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Women often first know they are pregnant by the beginning of a phenomenon misnamed morning sickness. A condition of nausea and vomiting that can begin during the first few days of pregnancy and can last through the entire nine months
Ten Tips for Morning Sickness in Early Pregnancy and BeyondMorning sickness can occur morning, noon, evening, and night, causing women digestive misery when they need to be eating for two. Morning sickness seems to be the body's way of protecting the baby from mutagenic agents that may appear in food. Especially during the first three months of pregnancy, the developing embryo is especially at risk to DNA damage from food-borne chemicals.
Toxins released by molds on food can also damage the baby, by acting as anti-vitamins. Molds on rice, corn, and potatoes have been linked to specific kinds of birth defects. These molds are rare in modern food, but a woman's body may be very protective of the unborn baby and very sensitive to foods that otherwise would seem to be settling for upset stomach.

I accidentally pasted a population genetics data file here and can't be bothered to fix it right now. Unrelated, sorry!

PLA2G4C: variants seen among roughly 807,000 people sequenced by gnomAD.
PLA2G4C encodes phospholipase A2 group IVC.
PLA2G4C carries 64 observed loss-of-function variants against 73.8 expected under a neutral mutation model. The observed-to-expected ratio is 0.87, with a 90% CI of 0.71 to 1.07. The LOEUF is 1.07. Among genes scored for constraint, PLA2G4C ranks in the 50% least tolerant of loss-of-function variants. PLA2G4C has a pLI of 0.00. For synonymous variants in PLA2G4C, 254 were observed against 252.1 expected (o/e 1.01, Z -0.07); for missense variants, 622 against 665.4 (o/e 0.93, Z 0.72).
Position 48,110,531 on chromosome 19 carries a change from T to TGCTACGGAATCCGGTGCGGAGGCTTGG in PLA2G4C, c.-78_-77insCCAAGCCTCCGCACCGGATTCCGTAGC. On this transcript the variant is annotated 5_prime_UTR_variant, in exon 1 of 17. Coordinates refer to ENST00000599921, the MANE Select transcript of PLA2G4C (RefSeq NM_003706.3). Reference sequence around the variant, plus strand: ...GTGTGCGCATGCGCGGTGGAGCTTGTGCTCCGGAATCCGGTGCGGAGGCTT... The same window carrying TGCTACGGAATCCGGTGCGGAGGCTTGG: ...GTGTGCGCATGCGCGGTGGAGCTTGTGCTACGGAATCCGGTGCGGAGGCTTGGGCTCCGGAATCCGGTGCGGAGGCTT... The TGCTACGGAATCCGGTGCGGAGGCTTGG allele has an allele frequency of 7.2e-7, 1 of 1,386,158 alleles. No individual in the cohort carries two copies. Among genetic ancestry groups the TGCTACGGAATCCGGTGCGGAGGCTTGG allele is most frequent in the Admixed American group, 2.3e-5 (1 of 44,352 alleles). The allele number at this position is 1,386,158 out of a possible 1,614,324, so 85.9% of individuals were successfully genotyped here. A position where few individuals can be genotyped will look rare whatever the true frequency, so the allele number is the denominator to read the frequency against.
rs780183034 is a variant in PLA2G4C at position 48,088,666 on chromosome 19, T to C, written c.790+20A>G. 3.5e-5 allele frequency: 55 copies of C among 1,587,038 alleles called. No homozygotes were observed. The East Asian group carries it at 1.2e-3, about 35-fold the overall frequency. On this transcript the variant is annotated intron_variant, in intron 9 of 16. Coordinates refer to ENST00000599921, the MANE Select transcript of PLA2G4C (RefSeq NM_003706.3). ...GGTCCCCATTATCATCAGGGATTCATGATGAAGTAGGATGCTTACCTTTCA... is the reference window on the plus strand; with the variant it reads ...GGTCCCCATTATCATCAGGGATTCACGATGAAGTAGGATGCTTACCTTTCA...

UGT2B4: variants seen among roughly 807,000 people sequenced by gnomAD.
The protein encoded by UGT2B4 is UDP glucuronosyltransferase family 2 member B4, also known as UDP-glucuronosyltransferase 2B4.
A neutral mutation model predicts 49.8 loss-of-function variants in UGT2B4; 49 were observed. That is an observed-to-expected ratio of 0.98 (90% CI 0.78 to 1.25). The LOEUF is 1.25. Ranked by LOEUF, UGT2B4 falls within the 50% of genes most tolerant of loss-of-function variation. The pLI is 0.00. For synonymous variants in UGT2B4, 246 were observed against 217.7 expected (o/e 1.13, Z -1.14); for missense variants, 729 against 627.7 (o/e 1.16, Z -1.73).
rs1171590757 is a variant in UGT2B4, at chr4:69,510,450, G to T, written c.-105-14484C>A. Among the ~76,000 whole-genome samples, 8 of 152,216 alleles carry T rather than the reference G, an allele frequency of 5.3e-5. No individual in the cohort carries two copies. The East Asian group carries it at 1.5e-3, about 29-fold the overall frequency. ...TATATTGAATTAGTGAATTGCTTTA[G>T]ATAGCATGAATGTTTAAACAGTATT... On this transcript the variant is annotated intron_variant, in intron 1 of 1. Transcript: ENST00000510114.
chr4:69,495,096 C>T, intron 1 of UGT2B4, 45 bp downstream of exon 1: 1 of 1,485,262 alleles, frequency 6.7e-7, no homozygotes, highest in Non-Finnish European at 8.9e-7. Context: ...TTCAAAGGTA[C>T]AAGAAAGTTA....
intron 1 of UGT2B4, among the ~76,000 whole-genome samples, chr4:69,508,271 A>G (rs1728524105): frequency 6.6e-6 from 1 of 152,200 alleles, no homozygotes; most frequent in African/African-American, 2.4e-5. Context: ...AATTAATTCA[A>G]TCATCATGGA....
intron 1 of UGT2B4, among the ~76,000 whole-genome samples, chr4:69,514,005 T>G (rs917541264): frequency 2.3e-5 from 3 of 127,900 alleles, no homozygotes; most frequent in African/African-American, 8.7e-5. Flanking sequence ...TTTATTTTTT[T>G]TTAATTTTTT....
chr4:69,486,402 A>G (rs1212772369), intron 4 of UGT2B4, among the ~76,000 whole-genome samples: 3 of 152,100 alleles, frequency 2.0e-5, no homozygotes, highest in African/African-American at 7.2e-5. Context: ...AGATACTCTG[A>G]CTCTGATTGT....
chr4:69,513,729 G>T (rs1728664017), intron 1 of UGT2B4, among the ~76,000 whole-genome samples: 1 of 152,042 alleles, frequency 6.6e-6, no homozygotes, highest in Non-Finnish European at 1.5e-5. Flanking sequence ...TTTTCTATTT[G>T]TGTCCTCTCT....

There are also some foods that counteract harmful chemicals in food. Vinegar, for example, slows the passage of food through the digestive tract so that any toxic food substances are more likely to be destroyed by stomach acid before they can pass into the bloodstream. Many pregnant women get strange cravings for pickles. The auraptin in orange juice detoxifies a group of industrial chemicals known as the TCDD's. Many pregnant women get cravings for orange juice. These cravings and aversions are probably just a biological response that protects the developing embryo.
Up to 91% of pregnant women, experts tell us, experience mild nausea, especially during the first 6 to 8 weeks of pregnancy. Up to 55% of women experience vomiting during the first trimester of pregnancy. Women in their teens, women in their first pregnancy, women who smoke, and women who are overweight or obese are more susceptible to morning sickness. Carrying twins or triplets increases morning sickness. Usually the effects of morning sickness are less severe in the second and subsequent pregnancies.
About 2 to 3% of women experience a much more severe phenomenon called hyperemesis gravidarum. Emesis refers to vomiting, and gravidas refers to pregnancy. Hyperemesis gravidarum is a condition of vomiting during early pregnancy that causes women to lose weight, rather than gaining it, along with disturbances in electrolytes. Women who have hyperemesis gravidarum may have swollen ankles, overactive (rather than underactive) thyroid, abdominal pain, excessive salivation (ptyalism), and ketones in their urine as their bodies burn fat. The primary symptom of hyperemesis gravidarum is vomiting that just won't stop.
Hyperemesis gravidarum is something a doctor has to treat. Morning sickness, in contrast, is a condition most women can treat on their own.
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